One Fish, Two Fish

Beginning Reading

Emilee Ricketts

Rationale:

A single phoneme, which is a vocal gesture in spoken words, can be represented by more than one grapheme.  It is important for children to begin to recognize these phonemes.  When a phoneme is mapped out by more than one grapheme, it is called a digraph.  A digraph is the combination of two letters that make one sound (there are both vowel and consonant digraphs).  One such example is sh = /sh/ and this lesson will focus on teaching this digraph.  The students will complete a letterbox lesson to meet this goal.

Materials:

Procedure:

1. Introduce lesson by asking students, "When everyone in the classroom is talking, what does the teacher say to make sure you stay quiet? Right, she will say /sh/" (model /sh/ sound with one finger over your mouth).  "Put your pointer finger over your mouth and say /sh/ with me (model first).  Okay ready /shhhh/! Great job!  See how your tongue starts at the roof of your mouth and moves behind your teeth."

2. "Now the /sh/ sound is a very special sound because it is made from two letters instead of just one.  S and h written together make the /sh/ sound."  

3. "Let's look at this tongue twister. Shall we look for fish and shells along the shiny shore?  Now say it with me!  Great job!  Now when we say it, we're really going to stretch out the /sh/ sound each time we hear it and make our /sh/ sign.  Listen to me first.  Shhhall we look for fishhh and shhhells along the shhhiny shhhore?  Now let's say it together!"

4. "Let's listen for the /sh/sound in some words.  Let me show you first.  Now do I hear the /sh/ sound in foot or shoe?  Let's see fffooottt (stretch out each phoneme) or shhhoe.  I hear it in shoe!  Now you try.  Do you hear /sh/ in sheep or lamb Close or shutShow or movie?  Great job with those words!"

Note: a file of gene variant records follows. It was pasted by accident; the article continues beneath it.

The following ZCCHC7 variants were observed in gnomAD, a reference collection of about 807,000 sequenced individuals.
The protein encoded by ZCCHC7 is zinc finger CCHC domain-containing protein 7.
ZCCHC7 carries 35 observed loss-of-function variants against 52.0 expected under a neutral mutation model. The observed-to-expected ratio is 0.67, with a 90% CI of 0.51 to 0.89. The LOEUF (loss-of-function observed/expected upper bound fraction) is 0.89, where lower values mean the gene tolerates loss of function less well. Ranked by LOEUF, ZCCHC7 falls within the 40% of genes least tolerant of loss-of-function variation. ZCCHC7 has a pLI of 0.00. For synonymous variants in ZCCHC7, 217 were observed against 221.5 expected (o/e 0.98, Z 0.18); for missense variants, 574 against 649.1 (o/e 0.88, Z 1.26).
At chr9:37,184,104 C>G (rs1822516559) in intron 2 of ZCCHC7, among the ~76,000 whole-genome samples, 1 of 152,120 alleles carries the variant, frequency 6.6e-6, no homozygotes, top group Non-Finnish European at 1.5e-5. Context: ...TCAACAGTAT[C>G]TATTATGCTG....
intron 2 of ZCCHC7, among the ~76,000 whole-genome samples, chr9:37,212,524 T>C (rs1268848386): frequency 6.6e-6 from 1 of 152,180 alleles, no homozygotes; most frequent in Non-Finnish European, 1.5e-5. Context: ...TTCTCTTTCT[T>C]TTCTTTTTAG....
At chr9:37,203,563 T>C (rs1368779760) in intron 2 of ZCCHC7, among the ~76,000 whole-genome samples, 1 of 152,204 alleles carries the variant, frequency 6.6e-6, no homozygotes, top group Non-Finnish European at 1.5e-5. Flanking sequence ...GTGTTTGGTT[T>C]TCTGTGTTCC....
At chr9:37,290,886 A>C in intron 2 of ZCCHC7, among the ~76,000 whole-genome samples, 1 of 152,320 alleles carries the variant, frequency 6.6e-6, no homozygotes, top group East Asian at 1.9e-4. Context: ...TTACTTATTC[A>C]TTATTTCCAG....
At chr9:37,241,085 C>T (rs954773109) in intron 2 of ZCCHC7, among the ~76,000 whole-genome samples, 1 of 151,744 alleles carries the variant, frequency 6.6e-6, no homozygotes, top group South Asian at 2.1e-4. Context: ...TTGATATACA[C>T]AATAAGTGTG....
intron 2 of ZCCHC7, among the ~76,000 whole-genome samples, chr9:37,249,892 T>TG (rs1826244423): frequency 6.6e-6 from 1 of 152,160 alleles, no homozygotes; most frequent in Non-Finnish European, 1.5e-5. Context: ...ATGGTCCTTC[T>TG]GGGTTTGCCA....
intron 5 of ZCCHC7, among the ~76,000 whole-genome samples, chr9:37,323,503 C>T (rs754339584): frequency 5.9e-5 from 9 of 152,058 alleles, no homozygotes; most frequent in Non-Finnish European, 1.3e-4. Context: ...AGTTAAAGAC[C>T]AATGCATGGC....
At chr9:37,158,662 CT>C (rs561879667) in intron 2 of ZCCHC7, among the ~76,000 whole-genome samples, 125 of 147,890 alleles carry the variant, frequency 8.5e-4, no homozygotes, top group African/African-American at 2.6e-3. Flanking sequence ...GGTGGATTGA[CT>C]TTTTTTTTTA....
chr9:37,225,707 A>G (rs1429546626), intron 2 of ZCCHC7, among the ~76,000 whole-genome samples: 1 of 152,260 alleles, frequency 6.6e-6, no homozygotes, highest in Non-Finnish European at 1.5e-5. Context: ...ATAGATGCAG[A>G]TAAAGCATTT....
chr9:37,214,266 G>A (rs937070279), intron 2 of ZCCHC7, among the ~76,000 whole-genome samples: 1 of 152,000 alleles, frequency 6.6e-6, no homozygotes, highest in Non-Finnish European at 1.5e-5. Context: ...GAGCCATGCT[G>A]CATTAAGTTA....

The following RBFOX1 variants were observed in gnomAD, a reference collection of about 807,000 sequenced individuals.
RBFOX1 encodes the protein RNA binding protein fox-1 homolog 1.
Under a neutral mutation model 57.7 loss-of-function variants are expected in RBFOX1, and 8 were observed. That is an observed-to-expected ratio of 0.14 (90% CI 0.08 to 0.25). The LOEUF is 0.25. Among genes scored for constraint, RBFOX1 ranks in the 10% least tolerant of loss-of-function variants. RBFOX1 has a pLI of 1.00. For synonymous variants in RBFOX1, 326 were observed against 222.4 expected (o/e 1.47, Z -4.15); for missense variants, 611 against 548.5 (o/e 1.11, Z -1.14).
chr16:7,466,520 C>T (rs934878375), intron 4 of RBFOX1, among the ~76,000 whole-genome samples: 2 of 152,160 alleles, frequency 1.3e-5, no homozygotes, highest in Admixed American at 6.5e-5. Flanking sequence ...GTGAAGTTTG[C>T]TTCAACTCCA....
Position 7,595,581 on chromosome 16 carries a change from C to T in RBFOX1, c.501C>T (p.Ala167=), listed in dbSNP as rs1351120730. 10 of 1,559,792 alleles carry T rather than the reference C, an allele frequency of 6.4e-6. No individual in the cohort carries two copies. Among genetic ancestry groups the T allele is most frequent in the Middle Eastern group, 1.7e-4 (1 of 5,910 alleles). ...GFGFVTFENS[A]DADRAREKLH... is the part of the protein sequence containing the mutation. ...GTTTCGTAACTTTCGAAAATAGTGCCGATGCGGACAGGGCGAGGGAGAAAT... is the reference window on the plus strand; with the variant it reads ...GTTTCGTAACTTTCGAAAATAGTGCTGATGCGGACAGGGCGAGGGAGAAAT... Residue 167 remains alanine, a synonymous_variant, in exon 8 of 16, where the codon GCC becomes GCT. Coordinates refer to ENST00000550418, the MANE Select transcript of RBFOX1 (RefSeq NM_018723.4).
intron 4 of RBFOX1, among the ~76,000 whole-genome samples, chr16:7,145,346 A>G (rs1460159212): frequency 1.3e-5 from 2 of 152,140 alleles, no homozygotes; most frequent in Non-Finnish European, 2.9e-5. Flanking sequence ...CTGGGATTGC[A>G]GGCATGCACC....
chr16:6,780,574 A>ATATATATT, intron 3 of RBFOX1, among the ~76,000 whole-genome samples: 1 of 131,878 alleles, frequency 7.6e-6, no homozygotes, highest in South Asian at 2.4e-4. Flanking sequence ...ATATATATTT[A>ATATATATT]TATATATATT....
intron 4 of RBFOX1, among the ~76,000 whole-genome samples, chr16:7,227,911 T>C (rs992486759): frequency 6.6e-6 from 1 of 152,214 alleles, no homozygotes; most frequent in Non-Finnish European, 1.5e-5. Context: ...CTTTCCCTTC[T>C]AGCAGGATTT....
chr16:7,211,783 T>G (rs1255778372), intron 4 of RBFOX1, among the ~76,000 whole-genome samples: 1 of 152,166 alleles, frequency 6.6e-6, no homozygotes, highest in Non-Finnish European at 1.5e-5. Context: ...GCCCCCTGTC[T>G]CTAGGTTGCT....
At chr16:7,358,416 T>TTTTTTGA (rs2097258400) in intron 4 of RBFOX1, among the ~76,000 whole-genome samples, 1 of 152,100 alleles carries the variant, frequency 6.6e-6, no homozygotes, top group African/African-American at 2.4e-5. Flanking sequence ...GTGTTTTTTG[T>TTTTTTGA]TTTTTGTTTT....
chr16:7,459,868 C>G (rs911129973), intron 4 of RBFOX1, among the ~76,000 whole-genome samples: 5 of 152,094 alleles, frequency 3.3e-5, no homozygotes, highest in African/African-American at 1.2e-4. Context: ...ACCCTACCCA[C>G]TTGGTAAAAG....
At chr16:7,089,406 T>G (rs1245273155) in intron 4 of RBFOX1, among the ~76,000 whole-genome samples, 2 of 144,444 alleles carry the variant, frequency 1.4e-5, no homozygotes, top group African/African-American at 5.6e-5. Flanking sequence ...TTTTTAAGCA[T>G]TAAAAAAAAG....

5. Have students take out their letterboxes and letters, and draw letterboxes on the board to model spelling.  Remind students that one sound goes in each letterbox.  "Now we are going to practice spelling some words with our /sh/ sound in them.  Let me show you first.  Now if I want to spell fish, I'm going to listen for the sounds in the word.  /Ffff/ ish is the first sound I hear so I put f in the first letterbox.  Then /f/ /iiii/ /sh/ is next, so I put i in the next box.  Okay now what sound is left? /Fi/ /shhhh/; that /sh/ sound we are learning is last so I put sh in the last letterbox.  Now you are going to try!  Open up two letterboxes and spell the word ash, and at.  Open three boxes and spell bet, shine, play, wash, ship, and shut.  Next, open up four boxes and spell black, flash, block, brush, brown, and shrub.  Great job!"  (walk around the room while calling out these words to assist any students who may be having trouble.)

6. Have students put away letterboxes and tiles.  "Now that you have spelled these words we are going to practice reading them!  Watch me first��� if I see w-a-s-h, first I'm going to look at that a.  It says /a/ and w says /w/ so together they say /wa/.  And I know the sh says /sh/, so if I put all the sounds together, I say /wash/.  Now you are going to try!"  Write on the words on the board one at a time and have the students read them out loud.  

7. Next read One Fish, Two Fish, Red Fish, Blue Fish by Dr. Seuss to class.  Book talk:  "There are so many different types of fish in this book, and some of them seem very silly!  Look at all the different types of fish.  Do you think they all do different things?  Let's read to find out what they are doing!"  While reading have students make the /sh/ sign every time they hear a word with the /sh/ sound in it.  Once finished reading the book, the students will work with a partner to make a list of /sh/ words that they heard in the story.

 

 

Resources:

Dr. Suess.  One Fish, Two Fish, Red Fish, Blue Fish.  Random House Books for Young Readers.  1960. 



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